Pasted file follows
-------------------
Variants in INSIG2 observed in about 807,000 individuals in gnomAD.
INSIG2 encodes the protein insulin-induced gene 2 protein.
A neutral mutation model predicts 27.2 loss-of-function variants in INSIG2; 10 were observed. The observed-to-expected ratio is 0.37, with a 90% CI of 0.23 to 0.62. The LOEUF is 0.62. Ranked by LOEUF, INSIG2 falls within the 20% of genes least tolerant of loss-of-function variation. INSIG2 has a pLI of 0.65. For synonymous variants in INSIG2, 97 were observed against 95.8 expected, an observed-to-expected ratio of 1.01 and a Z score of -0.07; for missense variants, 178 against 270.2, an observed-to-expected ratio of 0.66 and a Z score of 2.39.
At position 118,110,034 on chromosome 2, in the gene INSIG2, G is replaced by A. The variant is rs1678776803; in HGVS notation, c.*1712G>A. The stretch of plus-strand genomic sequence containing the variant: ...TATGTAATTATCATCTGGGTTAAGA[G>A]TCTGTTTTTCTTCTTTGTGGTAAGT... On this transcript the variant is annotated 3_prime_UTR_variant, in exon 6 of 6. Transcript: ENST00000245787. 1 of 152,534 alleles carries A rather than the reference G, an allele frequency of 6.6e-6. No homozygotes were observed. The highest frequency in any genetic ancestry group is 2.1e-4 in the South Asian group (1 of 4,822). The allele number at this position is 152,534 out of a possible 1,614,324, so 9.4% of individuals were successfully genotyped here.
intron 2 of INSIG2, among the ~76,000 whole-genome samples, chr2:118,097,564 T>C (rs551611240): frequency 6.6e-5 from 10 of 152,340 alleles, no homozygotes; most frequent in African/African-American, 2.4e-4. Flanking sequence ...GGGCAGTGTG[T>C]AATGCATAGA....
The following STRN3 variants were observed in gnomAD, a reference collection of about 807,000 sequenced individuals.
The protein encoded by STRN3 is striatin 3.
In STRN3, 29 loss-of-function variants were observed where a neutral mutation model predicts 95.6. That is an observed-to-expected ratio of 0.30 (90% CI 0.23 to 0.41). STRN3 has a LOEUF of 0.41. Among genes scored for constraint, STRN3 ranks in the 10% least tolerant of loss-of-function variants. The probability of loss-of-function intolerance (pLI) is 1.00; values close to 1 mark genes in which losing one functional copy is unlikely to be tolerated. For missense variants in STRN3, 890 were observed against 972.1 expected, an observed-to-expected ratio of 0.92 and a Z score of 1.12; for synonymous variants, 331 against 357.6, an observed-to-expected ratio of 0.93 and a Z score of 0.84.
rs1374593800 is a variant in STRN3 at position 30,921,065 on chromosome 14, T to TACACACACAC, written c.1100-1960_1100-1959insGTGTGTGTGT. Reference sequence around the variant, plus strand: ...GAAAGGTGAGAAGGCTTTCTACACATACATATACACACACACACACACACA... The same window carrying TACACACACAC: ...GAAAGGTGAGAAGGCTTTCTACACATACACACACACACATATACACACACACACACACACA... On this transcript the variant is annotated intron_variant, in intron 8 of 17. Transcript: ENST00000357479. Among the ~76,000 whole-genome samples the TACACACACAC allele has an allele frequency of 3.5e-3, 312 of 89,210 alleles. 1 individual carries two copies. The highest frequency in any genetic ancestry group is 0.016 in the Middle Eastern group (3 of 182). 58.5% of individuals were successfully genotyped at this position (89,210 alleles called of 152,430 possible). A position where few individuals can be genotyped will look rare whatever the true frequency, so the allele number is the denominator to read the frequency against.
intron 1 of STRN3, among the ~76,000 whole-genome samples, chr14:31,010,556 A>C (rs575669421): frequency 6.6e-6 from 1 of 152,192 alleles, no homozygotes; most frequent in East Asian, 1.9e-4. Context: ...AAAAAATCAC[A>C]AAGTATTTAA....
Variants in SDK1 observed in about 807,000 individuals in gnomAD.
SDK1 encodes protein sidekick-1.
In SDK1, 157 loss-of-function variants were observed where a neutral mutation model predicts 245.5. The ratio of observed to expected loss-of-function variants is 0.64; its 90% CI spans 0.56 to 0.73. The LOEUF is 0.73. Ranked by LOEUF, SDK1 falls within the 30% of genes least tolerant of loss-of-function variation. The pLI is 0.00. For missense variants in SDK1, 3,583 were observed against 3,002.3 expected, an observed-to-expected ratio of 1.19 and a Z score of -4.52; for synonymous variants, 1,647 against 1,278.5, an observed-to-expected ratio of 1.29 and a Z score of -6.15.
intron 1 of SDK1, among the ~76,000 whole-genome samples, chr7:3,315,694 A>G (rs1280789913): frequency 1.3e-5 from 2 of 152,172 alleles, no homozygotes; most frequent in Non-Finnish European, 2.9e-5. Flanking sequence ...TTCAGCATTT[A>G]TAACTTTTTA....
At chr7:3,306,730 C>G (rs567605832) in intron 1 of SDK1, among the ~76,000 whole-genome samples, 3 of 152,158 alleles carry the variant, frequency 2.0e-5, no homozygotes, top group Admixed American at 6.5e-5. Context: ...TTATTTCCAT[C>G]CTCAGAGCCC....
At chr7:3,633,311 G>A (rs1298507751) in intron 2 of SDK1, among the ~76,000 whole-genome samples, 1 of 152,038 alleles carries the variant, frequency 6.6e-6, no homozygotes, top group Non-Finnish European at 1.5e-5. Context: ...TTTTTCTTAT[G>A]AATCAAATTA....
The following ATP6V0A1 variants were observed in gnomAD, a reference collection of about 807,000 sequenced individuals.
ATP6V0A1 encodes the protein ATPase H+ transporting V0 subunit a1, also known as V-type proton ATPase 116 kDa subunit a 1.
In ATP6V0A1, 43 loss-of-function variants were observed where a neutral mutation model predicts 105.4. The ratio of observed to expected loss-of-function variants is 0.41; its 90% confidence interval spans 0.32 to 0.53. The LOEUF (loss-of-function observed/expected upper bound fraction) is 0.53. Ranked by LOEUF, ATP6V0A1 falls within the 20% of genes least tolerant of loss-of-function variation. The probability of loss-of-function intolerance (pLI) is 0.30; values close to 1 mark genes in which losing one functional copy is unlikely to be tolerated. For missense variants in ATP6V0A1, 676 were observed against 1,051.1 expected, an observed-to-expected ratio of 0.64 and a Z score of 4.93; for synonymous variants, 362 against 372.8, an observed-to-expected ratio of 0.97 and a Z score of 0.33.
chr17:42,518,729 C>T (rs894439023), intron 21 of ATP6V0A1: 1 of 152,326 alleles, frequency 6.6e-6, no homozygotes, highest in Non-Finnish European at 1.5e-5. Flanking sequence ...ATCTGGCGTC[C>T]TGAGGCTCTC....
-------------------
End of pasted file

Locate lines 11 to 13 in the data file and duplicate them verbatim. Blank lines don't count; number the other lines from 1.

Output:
Variants in SDK1 observed in about 807,000 individuals in gnomAD.
SDK1 encodes protein sidekick-1.
In SDK1, 157 loss-of-function variants were observed where a neutral mutation model predicts 245.5. The ratio of observed to expected loss-of-function variants is 0.64; its 90% CI spans 0.56 to 0.73. The LOEUF is 0.73. Ranked by LOEUF, SDK1 falls within the 30% of genes least tolerant of loss-of-function variation. The pLI is 0.00. For missense variants in SDK1, 3,583 were observed against 3,002.3 expected, an observed-to-expected ratio of 1.19 and a Z score of -4.52; for synonymous variants, 1,647 against 1,278.5, an observed-to-expected ratio of 1.29 and a Z score of -6.15.